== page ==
Kentucky civil forfeiture law affords inadequate protection to property owners. The state must only show that the property is related to criminal activity and can be forfeited by a preponderance of the evidence, a standard significantly lower than that required for criminal guilt. And property owners have the burden of proof in an innocent owner claim unless it is real property, such as a home or land. Moreover, law enforcement agencies receive 100 percent of the value of any forfeited assets, creating an incentive for law enforcement to focus on forfeiture rather than crime prevention.The perverse incentives of profit-oriented civil forfeiture law are exemplified in the 1996 scandal in Paducah, Ky., where $66,000 was discovered at the headquarters of the Western Area Narcotics Task Force (WANT). Investigators found that “the task force had seized large amounts of money and then dispensed it freely, unconstrained by audits, reporting requirements, or the task force’s mission.” With such a large profit motive, “WANT made asset seizures a priority, mandating expected forfeiture growth rates. But WANT met its quotas with much more zeal than care. The police chief estimated that 60 percent of the money found in WANT headquarters will be returned to the owners because it was not properly seized.” As this report found, law enforcement officials are now required to collect forfeiture data in Kentucky, but the information provided was unreliable.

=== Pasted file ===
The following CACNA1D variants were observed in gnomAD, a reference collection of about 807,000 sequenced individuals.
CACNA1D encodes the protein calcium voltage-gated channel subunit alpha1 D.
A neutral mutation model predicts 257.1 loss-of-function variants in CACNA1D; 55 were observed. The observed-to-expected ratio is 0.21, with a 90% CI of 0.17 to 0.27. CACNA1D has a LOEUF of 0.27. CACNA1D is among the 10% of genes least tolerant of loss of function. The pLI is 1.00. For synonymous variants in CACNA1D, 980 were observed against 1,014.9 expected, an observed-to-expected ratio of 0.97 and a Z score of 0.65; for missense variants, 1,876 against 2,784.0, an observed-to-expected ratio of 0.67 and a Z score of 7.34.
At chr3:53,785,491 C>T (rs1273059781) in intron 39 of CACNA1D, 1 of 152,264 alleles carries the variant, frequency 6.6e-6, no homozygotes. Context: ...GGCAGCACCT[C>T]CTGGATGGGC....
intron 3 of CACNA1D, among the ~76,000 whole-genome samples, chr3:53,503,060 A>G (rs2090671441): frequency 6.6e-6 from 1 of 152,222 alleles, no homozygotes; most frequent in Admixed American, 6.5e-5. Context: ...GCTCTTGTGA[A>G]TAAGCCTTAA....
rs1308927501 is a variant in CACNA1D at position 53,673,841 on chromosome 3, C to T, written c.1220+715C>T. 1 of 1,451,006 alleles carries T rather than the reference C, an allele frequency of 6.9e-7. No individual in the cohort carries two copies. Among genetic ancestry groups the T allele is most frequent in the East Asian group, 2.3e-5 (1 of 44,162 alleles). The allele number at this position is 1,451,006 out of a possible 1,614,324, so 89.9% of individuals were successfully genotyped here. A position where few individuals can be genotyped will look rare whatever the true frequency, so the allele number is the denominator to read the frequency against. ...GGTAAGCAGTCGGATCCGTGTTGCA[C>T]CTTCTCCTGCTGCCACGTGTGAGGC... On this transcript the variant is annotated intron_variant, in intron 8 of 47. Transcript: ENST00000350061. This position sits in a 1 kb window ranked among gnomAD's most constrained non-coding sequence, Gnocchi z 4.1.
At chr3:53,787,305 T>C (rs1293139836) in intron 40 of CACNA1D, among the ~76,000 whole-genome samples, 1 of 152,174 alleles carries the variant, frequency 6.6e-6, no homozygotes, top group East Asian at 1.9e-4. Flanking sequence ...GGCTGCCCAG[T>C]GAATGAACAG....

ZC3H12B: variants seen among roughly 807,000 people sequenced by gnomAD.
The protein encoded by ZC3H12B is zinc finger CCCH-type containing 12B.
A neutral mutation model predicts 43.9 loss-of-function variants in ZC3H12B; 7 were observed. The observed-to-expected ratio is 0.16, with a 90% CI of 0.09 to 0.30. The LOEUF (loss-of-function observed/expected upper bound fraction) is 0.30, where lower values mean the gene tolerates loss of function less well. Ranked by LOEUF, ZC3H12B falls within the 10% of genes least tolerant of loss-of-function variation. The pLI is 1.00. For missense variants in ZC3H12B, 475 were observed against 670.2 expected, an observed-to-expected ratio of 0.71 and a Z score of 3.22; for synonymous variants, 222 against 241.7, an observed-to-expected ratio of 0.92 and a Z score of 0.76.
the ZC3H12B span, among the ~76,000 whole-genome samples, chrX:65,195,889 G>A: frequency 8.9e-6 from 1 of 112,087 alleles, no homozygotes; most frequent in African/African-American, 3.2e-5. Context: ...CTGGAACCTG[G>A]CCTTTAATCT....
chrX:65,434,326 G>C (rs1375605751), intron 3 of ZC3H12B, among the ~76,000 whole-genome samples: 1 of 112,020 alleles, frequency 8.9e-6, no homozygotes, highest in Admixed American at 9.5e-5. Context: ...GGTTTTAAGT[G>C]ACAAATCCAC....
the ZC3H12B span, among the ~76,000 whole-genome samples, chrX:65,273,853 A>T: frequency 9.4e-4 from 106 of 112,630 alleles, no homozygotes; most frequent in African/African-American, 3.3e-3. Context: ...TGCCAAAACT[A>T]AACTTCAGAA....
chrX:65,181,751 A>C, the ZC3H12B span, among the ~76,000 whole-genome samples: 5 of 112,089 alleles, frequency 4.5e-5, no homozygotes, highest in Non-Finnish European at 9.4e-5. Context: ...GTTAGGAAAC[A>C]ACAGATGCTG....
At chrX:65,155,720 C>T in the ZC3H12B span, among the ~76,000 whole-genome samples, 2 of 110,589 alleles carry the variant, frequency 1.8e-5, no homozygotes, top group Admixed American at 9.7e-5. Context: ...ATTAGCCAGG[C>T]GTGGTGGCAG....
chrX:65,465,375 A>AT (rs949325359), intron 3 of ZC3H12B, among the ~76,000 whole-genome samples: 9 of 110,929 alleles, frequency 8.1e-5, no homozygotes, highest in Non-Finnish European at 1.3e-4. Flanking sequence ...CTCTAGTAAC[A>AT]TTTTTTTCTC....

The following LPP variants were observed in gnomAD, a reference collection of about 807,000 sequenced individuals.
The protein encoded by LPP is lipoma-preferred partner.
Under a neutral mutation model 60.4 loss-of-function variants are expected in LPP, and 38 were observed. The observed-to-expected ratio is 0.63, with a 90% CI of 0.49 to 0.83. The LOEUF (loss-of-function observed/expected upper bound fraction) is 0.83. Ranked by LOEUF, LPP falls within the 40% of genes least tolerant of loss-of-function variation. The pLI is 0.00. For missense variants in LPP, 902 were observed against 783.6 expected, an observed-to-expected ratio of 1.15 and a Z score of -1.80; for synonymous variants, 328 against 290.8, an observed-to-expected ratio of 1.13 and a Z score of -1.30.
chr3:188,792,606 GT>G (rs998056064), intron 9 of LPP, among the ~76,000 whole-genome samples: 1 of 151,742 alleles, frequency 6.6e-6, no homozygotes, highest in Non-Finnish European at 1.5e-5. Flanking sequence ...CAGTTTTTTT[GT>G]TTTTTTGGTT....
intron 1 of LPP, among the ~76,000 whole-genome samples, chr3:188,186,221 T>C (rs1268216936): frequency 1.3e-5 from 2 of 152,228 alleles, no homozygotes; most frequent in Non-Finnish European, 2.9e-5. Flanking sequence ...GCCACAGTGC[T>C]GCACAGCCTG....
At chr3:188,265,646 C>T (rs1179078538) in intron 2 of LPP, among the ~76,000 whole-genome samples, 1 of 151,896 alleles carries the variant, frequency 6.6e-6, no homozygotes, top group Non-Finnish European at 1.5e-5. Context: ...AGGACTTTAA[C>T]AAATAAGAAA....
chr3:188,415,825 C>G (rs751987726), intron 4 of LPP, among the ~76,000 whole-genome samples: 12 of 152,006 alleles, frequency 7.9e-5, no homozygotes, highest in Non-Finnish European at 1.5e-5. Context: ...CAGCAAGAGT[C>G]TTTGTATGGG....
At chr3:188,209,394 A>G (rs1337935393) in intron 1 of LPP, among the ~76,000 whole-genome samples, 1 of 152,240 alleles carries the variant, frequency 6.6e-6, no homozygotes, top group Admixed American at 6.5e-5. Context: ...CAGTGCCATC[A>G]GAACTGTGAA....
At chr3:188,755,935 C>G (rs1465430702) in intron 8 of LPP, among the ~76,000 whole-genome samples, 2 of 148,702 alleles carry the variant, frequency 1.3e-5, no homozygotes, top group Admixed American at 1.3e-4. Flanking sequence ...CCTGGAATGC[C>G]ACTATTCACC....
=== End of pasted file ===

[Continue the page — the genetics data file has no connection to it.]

1 Blumenson, E., & Nilsen, E. (1998). Policing for profit: The drug war’s hidden economic agenda. University of Chicago Law Review, 65(1), 35-114.
Forfeitures as Reported to LEMAS (Drug-related only)
Assets Forfeited per
Law Enforcement Agency
Equitable Sharing Proceeds from the Assets Forfeiture Fund (AFF)
Proceeds Returned to State
Average per Year
Freedom of Information Data
No Data Available; Required to Collect, But Data Provided Were Unclear and Unreliable